LONDON — Mid-June saw Turkey open applications for its first ever solar support programme, with licenses for up to 600 MW of capacity set to be issued across 27 regions.
The move follows the introduction of a feed-in tariff scheme — the Regulation on Certification and Support of Renewable Energy Resources — by the country’s Energy Market Regulatory Authority (EMRA) back in July 2011 and a license application process which was launched in May of the following year.
Ekin Inal, a senior associate with the Istanbul-based law firm Çigdemtekin Sahbaz Avukatlik Ortakligi explains that the renewable energy law, as amended to provide a feed-in tariff for generators who opt in, also provides other benefits, such as reduced costs in accessing and using state-owned land and grid connection priority. Renewable generators are also largely exempt from license application fees and annual license fees.
Under the terms of the new law, developers holding a generation license — potential generators are obliged to obtain a Renewable Energy Resource Certificate — whose renewable energy-based facilities are operational between mid-May 2005 and the end of December 2015 may benefit from the support mechanism for a minimum period of 10 years, starting from the date of operation. The scheme lasts for a maximum of 49 years.
The new electricity market law also introduced a number of other changes, Inal adds, including a pre-licensing mechanism. Going forward, each generator will be issued a preliminary license during the pre-construction stage that will be replaced by a permanent license at the beginning of construction.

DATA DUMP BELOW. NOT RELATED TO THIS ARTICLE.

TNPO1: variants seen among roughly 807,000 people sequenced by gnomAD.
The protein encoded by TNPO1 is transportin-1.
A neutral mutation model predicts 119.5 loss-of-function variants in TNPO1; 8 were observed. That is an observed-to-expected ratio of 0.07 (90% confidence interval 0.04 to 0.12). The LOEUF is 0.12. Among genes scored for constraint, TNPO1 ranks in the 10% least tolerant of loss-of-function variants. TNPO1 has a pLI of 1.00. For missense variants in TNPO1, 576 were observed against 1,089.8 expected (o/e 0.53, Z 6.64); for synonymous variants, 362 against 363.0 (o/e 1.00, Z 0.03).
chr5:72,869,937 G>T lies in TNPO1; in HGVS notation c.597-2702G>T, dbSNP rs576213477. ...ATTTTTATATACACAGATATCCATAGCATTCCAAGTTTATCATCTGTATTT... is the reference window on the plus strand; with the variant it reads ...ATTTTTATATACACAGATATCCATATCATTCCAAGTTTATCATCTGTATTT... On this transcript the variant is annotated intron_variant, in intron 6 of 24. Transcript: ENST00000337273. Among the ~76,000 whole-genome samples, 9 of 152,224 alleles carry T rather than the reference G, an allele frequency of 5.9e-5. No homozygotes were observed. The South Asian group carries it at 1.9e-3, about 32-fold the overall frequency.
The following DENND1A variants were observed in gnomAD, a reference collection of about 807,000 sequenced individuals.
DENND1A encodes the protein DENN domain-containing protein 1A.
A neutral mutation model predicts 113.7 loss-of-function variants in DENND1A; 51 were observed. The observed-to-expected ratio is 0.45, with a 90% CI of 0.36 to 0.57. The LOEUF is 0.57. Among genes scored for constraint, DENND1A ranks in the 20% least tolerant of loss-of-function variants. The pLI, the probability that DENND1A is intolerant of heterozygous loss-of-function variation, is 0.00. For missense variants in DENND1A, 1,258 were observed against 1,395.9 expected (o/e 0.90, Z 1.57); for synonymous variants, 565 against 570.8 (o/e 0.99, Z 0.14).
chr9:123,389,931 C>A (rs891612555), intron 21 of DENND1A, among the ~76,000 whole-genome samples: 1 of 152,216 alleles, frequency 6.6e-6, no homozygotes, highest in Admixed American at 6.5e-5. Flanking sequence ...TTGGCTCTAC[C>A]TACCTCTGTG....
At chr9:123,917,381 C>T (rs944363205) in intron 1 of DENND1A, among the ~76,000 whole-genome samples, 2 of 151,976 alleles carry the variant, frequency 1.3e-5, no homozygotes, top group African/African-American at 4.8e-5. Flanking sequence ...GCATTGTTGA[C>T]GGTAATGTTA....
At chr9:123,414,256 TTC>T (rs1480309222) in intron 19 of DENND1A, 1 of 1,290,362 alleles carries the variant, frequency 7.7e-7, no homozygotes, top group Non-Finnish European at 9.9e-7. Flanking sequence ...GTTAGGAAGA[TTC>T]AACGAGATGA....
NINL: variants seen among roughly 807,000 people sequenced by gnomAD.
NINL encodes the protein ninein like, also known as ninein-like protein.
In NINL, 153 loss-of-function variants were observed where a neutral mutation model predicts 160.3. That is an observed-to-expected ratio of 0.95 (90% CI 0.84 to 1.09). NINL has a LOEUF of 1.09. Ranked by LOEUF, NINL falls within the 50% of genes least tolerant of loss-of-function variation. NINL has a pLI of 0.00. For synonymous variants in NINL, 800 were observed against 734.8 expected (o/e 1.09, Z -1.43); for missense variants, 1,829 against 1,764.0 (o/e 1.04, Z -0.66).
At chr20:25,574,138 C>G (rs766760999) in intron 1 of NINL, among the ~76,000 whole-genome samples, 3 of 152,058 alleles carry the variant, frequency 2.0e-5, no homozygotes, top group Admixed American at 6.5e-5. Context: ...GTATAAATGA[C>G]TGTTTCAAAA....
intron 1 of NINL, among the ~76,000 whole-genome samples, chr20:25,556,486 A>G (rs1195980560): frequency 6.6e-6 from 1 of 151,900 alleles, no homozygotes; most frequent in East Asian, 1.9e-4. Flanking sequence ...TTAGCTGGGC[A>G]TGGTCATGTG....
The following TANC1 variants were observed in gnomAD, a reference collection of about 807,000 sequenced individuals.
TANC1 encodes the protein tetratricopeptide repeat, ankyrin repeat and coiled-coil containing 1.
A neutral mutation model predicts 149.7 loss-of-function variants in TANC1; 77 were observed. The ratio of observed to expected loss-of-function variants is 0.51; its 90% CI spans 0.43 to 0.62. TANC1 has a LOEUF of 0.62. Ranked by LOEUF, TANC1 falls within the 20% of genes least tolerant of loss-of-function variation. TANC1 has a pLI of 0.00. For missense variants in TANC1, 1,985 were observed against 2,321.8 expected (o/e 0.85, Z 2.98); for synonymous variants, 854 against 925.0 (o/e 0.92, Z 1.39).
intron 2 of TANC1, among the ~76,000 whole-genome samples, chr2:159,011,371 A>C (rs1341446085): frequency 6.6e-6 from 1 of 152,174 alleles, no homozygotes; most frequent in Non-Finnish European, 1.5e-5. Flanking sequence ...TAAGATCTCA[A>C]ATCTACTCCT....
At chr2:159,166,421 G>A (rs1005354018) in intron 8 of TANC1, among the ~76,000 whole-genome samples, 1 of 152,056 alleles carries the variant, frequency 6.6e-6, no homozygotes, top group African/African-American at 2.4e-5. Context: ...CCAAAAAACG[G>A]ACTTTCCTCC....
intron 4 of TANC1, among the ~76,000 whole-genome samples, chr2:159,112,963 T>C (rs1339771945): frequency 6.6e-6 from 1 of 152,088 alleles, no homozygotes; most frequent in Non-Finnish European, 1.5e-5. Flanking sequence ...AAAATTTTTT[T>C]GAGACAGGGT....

License applications must pertain to a specific site and during the pre-licensing period of two years, the generator must obtain the required permits, approvals and licenses to start construction.
To date, says Inal, more than 600 interested parties have reportedly applied to the Directorate of Meteorology to initiate a solar measurement process — a one-year solar radiation measurement is a condition of the license application. Generators must first get authorization from the Directorate of Meteorology to set up a measurement station on the site. Once at least six months of on-site data has been secured, data pertaining to the remainder of the one-year period may be obtained from Directorate meteorology stations.
In a bid to accelerate the licencing process, in late March 2013 the Directorate shortened the evaluation process following the measurement period from 30 days to 10.
Although it has not set out technology preferences, meaning license holders are free to choose either photovoltaic or concentrating solar power technologies, EMRA did include a number of terms and conditions for licensing. For instance, a maximum of two hectares can be allocated per MW while the total annual solar radiation must be 1,620 kWh/m2 or more. Agricultural land has not been made available for solar projects qualifying under the scheme.
Considering some technical constraints, the total installed capacity of the supported generation facilities based on solar power to be connected to the transmission system shall initially not exceed 600 MW through to the end of this year, EMRA says. However, they add that the Board of Ministers is entitled revise this decision after then. The actual licenses under this first phase are expected to be awarded in the first half of 2014.
Feed-in Tariffs Supporting Domestic Production
Qualifying solar power plants are guaranteed a minimum feed-in tariff of US$133/MWh and coupled with a number of provisions to support domestic manufacturing this support can reach as much as $200/MWh in photovoltaic plants and $225/MWh in concentrating solar plants. The incentives for using domestically-manufactured components are available for five years after a project commences operation.